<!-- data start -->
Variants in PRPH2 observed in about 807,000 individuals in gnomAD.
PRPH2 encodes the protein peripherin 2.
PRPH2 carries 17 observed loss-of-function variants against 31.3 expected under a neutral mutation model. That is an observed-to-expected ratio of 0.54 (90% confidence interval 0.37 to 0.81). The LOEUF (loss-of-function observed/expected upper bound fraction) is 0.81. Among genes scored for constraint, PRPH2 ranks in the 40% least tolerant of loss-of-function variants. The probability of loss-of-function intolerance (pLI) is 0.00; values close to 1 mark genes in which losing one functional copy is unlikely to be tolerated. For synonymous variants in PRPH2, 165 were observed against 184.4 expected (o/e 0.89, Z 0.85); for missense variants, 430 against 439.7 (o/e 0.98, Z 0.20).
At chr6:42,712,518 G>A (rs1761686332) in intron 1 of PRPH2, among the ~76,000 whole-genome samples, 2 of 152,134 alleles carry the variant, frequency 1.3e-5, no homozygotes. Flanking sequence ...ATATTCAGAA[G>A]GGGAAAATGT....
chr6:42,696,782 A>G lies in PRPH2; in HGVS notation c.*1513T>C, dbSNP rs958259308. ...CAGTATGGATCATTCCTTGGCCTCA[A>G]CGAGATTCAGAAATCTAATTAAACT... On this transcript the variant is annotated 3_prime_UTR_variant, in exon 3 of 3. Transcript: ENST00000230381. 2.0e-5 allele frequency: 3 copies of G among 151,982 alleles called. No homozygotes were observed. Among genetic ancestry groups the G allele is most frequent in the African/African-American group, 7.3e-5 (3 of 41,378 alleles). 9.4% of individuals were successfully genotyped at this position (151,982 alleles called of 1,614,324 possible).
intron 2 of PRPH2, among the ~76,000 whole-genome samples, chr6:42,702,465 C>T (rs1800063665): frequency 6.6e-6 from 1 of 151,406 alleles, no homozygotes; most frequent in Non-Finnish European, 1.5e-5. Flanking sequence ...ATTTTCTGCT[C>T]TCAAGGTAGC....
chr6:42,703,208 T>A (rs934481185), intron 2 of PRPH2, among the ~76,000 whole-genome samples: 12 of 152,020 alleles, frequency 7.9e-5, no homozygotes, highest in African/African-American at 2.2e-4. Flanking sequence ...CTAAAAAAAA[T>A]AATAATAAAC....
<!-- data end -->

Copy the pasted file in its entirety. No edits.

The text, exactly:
Variants in PRPH2 observed in about 807,000 individuals in gnomAD.
PRPH2 encodes the protein peripherin 2.
PRPH2 carries 17 observed loss-of-function variants against 31.3 expected under a neutral mutation model. That is an observed-to-expected ratio of 0.54 (90% confidence interval 0.37 to 0.81). The LOEUF (loss-of-function observed/expected upper bound fraction) is 0.81. Among genes scored for constraint, PRPH2 ranks in the 40% least tolerant of loss-of-function variants. The probability of loss-of-function intolerance (pLI) is 0.00; values close to 1 mark genes in which losing one functional copy is unlikely to be tolerated. For synonymous variants in PRPH2, 165 were observed against 184.4 expected (o/e 0.89, Z 0.85); for missense variants, 430 against 439.7 (o/e 0.98, Z 0.20).
At chr6:42,712,518 G>A (rs1761686332) in intron 1 of PRPH2, among the ~76,000 whole-genome samples, 2 of 152,134 alleles carry the variant, frequency 1.3e-5, no homozygotes. Flanking sequence ...ATATTCAGAA[G>A]GGGAAAATGT....
chr6:42,696,782 A>G lies in PRPH2; in HGVS notation c.*1513T>C, dbSNP rs958259308. ...CAGTATGGATCATTCCTTGGCCTCA[A>G]CGAGATTCAGAAATCTAATTAAACT... On this transcript the variant is annotated 3_prime_UTR_variant, in exon 3 of 3. Transcript: ENST00000230381. 2.0e-5 allele frequency: 3 copies of G among 151,982 alleles called. No homozygotes were observed. Among genetic ancestry groups the G allele is most frequent in the African/African-American group, 7.3e-5 (3 of 41,378 alleles). 9.4% of individuals were successfully genotyped at this position (151,982 alleles called of 1,614,324 possible).
intron 2 of PRPH2, among the ~76,000 whole-genome samples, chr6:42,702,465 C>T (rs1800063665): frequency 6.6e-6 from 1 of 151,406 alleles, no homozygotes; most frequent in Non-Finnish European, 1.5e-5. Flanking sequence ...ATTTTCTGCT[C>T]TCAAGGTAGC....
chr6:42,703,208 T>A (rs934481185), intron 2 of PRPH2, among the ~76,000 whole-genome samples: 12 of 152,020 alleles, frequency 7.9e-5, no homozygotes, highest in African/African-American at 2.2e-4. Flanking sequence ...CTAAAAAAAA[T>A]AATAATAAAC....